Beer Quotes & Wisdom

You can't be a real country unless you have a beer and an airline-it

helps if you have some kind of a football team, or some nuclear

weapons, but at the very least you need a beer. -- Frank Zappa

Monday, February 7, 2011

Adventures in Lager Brewing

The lager season is once again in full swing at the Tin Whisker brewhouse.  The yeast starter that will become Susie's experimental flavored beers did its job and created a nice batch of yeast for the first "real" lager of the year, Dr. Pavlov's Salivator.
This year the 3gal. American Light starter is being divided into 4 - 3qt mini-batches to be dosed with flavorings to make them interesting.
As in last year's experiment, one will have olive juice added.  Another will have lime juice, and this year the zest of 1 lime.  New for this year is dill pickle and a jalapeño spiced beer.
I made some mini-fermentors from the suggestion of Cary at the Tinman's brewery.  The local GFS has 6 & 8qt, food grade plastic buckets that have very tight sealing lids.  Just drill a hole & insert a gasket for the airlock in the lid, and they are perfect for small, experimental batches.

This year's doppelbock was once again an adventure in brewing.  I've learned it is good to be flexible on brewday.  Last year's inaugural attempt went on to win a blue ribbon in the 1st round of the NHC.  It was basically a kit beer from Northern Brewer and this year I decided to convert it to an all grain recipe.
Using Beer Smith to do the conversion for me, I really didn't pay much attention to the numbers that were generated until I started to measure out the grain.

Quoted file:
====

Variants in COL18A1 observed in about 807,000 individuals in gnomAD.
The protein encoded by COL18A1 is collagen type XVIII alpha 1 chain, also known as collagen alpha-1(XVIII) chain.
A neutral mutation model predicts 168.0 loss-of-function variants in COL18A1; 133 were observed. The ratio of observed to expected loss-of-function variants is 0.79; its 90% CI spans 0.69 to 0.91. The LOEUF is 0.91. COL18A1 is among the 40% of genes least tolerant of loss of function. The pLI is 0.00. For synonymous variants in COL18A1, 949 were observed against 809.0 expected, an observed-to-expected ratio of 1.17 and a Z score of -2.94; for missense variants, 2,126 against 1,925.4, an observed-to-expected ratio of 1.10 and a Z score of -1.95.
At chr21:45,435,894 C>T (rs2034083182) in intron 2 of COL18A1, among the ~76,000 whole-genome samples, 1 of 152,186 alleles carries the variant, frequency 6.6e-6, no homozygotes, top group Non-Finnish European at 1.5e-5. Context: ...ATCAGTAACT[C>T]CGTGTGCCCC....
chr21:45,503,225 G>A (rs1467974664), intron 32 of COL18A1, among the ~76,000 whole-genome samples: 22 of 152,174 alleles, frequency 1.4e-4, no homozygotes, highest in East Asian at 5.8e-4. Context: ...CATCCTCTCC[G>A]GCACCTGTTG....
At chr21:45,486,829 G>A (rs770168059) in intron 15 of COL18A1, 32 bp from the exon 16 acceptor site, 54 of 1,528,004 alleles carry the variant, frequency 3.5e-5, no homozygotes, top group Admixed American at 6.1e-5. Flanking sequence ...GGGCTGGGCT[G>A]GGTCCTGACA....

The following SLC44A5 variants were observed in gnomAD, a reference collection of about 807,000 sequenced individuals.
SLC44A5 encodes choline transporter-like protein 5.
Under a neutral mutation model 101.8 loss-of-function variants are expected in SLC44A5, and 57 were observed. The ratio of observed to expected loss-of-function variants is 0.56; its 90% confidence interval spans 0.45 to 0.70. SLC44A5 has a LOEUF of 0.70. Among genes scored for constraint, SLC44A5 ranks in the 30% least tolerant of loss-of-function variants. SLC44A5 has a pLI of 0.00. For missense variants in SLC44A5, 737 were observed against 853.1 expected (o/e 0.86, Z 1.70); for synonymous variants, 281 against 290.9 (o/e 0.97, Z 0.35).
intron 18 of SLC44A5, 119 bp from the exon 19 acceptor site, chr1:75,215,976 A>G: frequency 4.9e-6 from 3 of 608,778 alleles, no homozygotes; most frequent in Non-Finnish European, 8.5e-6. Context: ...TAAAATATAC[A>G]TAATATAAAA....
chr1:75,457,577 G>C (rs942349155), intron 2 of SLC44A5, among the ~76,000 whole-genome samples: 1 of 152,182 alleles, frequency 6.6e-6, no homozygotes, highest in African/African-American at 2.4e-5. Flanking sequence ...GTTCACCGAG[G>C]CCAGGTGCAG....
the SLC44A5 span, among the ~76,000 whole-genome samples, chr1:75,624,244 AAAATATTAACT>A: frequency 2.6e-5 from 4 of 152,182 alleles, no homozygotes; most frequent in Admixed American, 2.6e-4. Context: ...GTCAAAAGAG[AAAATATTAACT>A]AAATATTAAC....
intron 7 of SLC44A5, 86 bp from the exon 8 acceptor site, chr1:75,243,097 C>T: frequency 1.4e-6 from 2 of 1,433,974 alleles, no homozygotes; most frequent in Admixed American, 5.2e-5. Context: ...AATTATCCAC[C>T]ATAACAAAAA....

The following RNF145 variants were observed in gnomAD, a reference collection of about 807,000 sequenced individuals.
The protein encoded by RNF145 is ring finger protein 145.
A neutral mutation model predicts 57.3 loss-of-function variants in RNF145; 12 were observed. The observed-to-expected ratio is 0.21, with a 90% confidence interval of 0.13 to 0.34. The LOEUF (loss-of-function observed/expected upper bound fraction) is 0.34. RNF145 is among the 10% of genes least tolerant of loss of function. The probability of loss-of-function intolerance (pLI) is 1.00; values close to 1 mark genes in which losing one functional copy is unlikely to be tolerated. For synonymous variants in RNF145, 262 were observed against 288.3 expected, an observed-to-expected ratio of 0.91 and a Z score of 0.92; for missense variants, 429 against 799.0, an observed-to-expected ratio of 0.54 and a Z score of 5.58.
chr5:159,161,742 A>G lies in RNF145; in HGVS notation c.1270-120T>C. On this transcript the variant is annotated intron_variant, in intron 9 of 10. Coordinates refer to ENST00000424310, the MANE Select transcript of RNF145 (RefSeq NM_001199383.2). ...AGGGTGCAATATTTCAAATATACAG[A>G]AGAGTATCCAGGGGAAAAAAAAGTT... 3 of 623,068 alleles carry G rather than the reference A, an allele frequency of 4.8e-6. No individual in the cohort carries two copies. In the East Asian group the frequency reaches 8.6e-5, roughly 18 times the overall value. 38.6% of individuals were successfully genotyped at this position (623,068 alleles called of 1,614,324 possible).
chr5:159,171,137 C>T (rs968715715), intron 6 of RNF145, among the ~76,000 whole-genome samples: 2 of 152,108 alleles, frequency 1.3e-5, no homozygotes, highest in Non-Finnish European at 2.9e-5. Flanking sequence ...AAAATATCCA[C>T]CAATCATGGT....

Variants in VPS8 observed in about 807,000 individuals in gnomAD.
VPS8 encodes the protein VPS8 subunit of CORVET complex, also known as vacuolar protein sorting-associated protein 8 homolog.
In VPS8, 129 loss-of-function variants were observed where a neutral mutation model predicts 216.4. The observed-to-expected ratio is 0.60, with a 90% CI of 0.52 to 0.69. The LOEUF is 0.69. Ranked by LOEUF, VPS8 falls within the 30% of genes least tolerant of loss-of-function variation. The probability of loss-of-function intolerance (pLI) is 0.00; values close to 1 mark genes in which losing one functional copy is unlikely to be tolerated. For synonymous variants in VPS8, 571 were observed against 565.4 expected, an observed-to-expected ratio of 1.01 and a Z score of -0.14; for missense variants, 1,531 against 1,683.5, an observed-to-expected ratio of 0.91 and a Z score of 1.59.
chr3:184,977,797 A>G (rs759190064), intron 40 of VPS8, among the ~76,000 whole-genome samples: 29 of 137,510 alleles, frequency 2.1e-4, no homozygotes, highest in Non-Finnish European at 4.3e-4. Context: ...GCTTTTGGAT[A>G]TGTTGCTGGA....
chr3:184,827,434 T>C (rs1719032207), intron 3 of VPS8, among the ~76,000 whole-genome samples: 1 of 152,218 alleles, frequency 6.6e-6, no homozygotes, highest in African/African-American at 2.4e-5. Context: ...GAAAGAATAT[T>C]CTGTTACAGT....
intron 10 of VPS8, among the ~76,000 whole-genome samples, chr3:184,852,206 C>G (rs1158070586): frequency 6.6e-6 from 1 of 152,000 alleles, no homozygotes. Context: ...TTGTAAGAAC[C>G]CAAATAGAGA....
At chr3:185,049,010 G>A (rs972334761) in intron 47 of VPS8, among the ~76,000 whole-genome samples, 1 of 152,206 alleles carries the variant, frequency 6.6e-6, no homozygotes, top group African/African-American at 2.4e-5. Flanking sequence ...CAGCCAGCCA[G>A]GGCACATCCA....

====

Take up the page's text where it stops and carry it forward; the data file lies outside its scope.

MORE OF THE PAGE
14lbs of Munich, 4lbs Pilsner, 12oz of Vienna & 6oz of Crystal 60 made this the largest grain bill I've ever used.

It basically filled the 10gal mash tun, and I hadn't added the 6gal of water yet.  Fortunately much of that water is absorbed by the grain, but the tun was filled to the top.
It was at this point that I had to get clever.  Using a single infusion mash schedule, the brewsheet said that I had to add another 9.6qts water to raise the temp for mash out.  That was not going to happen!
Since this is a traditional German doppelbock, I decided to go with a traditional brewing technique.  Decoct 9qts from the mash and boil to bring the temp up to 168 degrees.  This however, left me 9.6qts short of total water needed to get the 6.5gal to boil.
Looking at the brewsheet again, it said I only needed 1gal of sparge water (which didn't sound like much of a sparge), so I just added the missing volume of water to the sparge which brought everything up to where it should.
It will be interesting to see how this will fare in the NHC this year.

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